The Comparison of Magnetic Resonance Imaging/Transrectal Ultrasound Fusion Biopsies with Conventional Transrectal Biopsies in Prostate Cancer Detection

Dursun Baba, Ahmet Yıldırım Balık, Alpaslan Yüksel, Yusuf Şenoğlu
2021 Üroonkoloji Bülteni  
Objective: The conventional technique for histological prostate cancer diagnosis is transrectal ultrasound (TRUS)-guided random sampling of the peripheral prostate zone. However, due to method insufficiency and recent developments in prostate imaging, new biopsy methods were introduced. This study aimed to evaluate prostate cancer detection rates by the standard and magnetic resonance (MR) fusion biopsy methods. The main purpose of our study is to mutually evaluate prostate cancer detection
more » ... s and results of standard and cognitive MR fusion biopsy methods and share our experiences in this process. Materials and Methods: Patients, who underwent prostate biopsy due to elevated serum prostate-specific antigen levels (>4ng/mL) and/or suspicious rectal examination, were retrospectively evaluated. A total of 160 patients were included in the study between January 2018 and January 2021. Patients were divided into two groups according to the applied method, as standard biopsy (SB) and MR fusion biopsy. Results: Prostate cancer was reported in 25 (31.3%) of 80 patients who underwent SB, wherein 20 (25%) were determined with clinically significant cancer. Prostate cancer was reported in 30 (37.5%) of 80 patients who underwent MR fusion biopsy, wherein 25 (31%) were reported as clinically significant cancer. A statistically significant difference was found in detecting prostate cancer and clinically significant prostate cancer when the prostate imaging-Reporting and Data System (3,4,5) scores were compared with each other (p<0.05, p=0.00). The additional SB to MR-targeted fusion biopsy was statistically significant in prostate cancer diagnosis (p=0.01, p<0.05). Conclusion: The additional SB to targeted biopsy increased the detection rate of clinically significant prostate cancer. Larger randomized studies are needed to reach a consensus on the ideal biopsy technique.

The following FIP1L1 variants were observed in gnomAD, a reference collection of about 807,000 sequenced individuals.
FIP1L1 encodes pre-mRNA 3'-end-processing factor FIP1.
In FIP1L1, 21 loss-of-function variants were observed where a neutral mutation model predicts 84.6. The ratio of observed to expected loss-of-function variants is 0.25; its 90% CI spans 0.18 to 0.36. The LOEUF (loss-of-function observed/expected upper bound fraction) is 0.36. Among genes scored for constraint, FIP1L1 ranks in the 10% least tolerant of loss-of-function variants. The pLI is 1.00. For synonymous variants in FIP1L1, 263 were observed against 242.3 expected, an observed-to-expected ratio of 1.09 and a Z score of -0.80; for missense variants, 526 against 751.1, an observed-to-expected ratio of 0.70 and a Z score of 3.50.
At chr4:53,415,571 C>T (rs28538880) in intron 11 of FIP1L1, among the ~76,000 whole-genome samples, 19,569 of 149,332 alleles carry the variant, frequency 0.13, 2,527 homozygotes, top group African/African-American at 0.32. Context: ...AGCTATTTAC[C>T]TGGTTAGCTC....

doi:10.4274/uob.galenos.2021.2021.4.4 fatcat:5h2uqncxmjdwrjemldiitdacua